During the height of the singer/songwriter/LA/Southern California period in the 1970s there was Jackson Browne and he was one of my favorites. His very personal lyrics combined with his political activism were certainly a major attraction. And then he recorded the best live album ever – Running on Empty. Instead of a greatest hits collection it was made up of all new/never recorded before songs. The songs were not only recorded on stage but in hotel rooms, backstage, and on the bus. And all the songs were about being on the road.
Browne is another one of those artists who I’ve loved for years but never saw live. I sing “Daddy’s Tune” in my set and would love to sing “These Days” but there are so many wonderful versions of that song that anything I could do with it would pale in comparison.
So I decided to see him at the Beacon. It was advertised as an all-acoustic show. And there were two nights, which promised to be different. Browne decided not to do an all-acoustic show. I do hope the second night will be different since I’ll be there both nights.
When I arrived at the Beacon Theater I was cheerfully greeted by the security guy who checked my bag. And then cheerfully greeted by the guy who scanned my ticket. And then cheerfully greeted by a woman at the top of the stairs. And cheerfully greeted by the security people telling us we would have to wait until 7:30pm for the doors to open. All this cheerfulness? The tickets were sold by Live Nation and I guess the Beacon is a Live Nation venue now and Live Nation is known for their customer service (which I can vouch for personally).
My seat was pretty good – upper balcony, second row, close to center stage. Also the stage setup was way upstage, which made for excellent viewing.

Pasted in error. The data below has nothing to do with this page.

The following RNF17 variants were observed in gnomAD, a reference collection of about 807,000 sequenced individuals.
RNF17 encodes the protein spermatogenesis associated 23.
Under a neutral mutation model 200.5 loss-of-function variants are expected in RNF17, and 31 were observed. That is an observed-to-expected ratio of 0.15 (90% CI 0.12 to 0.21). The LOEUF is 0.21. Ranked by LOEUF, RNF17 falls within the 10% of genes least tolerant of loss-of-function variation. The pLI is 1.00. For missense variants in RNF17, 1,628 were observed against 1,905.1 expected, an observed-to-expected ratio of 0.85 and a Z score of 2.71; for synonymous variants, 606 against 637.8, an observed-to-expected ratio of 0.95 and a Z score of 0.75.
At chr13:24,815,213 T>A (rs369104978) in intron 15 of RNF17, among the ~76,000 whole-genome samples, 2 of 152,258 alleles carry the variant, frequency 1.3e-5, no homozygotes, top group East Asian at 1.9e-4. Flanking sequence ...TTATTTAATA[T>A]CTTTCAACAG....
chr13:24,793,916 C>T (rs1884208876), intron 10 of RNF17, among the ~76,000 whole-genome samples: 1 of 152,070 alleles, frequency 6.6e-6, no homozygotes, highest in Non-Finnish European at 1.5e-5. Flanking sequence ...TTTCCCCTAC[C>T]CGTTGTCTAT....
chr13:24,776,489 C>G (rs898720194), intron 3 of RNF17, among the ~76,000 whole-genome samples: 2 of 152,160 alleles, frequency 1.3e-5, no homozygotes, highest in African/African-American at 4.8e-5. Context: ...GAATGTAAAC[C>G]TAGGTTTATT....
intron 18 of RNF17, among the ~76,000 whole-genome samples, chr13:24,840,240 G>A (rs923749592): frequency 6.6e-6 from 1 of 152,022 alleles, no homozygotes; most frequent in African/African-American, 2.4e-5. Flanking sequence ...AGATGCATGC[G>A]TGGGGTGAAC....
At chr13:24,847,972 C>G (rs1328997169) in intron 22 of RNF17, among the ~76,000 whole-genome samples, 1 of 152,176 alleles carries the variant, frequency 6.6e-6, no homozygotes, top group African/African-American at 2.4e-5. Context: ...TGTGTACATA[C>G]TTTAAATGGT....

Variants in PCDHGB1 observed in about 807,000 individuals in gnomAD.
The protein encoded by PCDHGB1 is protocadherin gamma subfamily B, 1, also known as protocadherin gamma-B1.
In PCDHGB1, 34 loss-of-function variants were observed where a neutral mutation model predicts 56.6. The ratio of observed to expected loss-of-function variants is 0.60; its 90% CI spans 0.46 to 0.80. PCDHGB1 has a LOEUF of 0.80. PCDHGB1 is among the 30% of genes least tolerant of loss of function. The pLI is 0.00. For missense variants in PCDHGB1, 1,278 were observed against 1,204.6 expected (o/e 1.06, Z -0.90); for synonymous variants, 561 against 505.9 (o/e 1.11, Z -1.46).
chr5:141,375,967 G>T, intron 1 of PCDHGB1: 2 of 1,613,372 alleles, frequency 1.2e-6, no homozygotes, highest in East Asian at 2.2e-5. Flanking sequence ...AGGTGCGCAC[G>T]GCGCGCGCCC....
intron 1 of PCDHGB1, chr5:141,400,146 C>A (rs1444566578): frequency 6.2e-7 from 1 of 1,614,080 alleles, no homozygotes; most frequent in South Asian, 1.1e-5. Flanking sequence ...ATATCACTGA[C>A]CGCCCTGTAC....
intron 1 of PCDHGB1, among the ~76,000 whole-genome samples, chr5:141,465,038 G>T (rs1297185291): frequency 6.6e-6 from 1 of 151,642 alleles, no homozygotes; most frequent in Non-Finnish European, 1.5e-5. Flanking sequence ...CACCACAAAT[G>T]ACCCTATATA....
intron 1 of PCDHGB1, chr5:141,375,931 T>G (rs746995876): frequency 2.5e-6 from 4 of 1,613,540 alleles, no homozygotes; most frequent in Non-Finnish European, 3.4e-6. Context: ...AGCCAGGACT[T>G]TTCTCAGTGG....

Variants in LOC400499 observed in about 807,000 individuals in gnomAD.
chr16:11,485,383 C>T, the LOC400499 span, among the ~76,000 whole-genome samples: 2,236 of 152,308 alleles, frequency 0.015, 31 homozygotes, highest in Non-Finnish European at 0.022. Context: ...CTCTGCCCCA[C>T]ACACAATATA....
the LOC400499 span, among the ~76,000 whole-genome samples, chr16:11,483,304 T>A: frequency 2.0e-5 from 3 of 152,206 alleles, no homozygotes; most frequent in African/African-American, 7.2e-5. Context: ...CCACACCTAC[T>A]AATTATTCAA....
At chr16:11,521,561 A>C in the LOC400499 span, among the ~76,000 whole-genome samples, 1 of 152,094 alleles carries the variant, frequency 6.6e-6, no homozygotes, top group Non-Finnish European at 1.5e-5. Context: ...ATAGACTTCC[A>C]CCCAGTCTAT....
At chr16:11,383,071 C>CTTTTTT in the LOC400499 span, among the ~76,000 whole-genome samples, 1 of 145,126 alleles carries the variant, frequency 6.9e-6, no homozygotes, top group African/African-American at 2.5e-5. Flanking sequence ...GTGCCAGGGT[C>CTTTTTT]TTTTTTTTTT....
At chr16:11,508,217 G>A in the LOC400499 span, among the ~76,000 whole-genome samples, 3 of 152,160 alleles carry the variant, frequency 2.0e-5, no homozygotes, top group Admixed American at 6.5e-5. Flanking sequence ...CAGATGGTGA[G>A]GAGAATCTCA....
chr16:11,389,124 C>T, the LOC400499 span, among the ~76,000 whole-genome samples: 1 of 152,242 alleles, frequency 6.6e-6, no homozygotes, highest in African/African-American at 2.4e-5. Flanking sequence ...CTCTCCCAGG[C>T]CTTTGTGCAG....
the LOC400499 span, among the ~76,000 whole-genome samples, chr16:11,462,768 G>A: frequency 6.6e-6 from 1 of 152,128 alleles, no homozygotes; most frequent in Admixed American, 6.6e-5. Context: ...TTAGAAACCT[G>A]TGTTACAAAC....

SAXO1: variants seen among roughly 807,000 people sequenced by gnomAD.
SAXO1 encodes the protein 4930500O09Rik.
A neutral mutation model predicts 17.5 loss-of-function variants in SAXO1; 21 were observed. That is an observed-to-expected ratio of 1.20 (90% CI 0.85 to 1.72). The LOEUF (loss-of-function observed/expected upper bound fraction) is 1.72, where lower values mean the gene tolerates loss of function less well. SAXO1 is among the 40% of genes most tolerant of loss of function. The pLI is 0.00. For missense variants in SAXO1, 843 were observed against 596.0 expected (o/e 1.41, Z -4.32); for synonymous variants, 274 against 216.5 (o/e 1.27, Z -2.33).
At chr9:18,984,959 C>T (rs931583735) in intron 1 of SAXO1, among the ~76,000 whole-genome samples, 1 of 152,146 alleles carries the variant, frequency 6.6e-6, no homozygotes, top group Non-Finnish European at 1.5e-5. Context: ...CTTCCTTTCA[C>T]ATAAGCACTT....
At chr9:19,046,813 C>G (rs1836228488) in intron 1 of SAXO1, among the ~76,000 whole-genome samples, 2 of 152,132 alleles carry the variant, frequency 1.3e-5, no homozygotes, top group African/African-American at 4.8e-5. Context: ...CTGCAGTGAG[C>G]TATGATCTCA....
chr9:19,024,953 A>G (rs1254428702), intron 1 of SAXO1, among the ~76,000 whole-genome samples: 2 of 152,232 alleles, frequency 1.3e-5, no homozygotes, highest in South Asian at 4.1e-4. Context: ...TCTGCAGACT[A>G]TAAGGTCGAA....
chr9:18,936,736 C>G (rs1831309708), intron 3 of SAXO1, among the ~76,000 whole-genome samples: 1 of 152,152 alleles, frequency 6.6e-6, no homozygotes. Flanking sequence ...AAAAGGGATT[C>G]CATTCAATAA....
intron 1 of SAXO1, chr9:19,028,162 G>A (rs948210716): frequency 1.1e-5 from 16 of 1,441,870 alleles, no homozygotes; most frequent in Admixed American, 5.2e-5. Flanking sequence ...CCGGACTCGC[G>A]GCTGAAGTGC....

Opener Sara Watkins has played with Browne on records, performed with The Decemberists, and used to be in Nickel Creek. Her solo act is still a trio – Watkins on fiddle, her brother Sean on acoustic guitar, and Tyler Chester on bass, percussion, and keyboards. The music is bluegrass/folk/Americana with the high female voice up front. All three were excellent musicians but I can’t say that the lyrics or the singing moved me particularly. She also is not so great with the patter. Watkins is much sought after and has worked with some very major artists and gets major artists to produce her work. Maybe this is why I would never had made it in A&R. Browne introduced Watkins and also played two songs with her as did his guitarist and drummer. She covered the Everly Brothers “You’re the One I Love” (which featured Fiona Apple on Watkins’ record).
The first thing I noticed about Jackson Browne is that he has the same haircut from 40 years ago. He started at the piano with Val McCallum on guitar, harmonica, and backing vocals and Mauricio Lewak on drums and backing vocals. He played without a set list and the audience kept yelling out favorites. Sometimes Browne accommodated them and other times he played what he was in the mood for, which made me happy. Had the show just been a collection of hits I could have stayed home and listened to his albums. Instead I was treated to new songs (both newly written and new to me). During his set Watkins’ band joined in.
Mid-set, McCallum performed a song from his album “Tokyo Girl.” At one point I noticed the guitar rack off to the side. There must have been 30 guitars there. And Browne uses a different guitar for each song. Seriously. Each guitar is for a specific song.
Browne can still bring tears to my eyes. When he sang the soulful, sad, and beautiful “Sky Blue and Black” I started crying. And then later when he sang a heartbreaking version of “Late for the Sky.” “These Days” got a change in melody – Browne told us that the Glen Campbell and Nico versions are virtually the same, which is a little freaky. Since he was in NYC, we were treated to a lot of songs that he wrote when he first came to NYC.
I’m very much looking forward to what I’ll be treated to tonight.
By Carene Lydia Lopez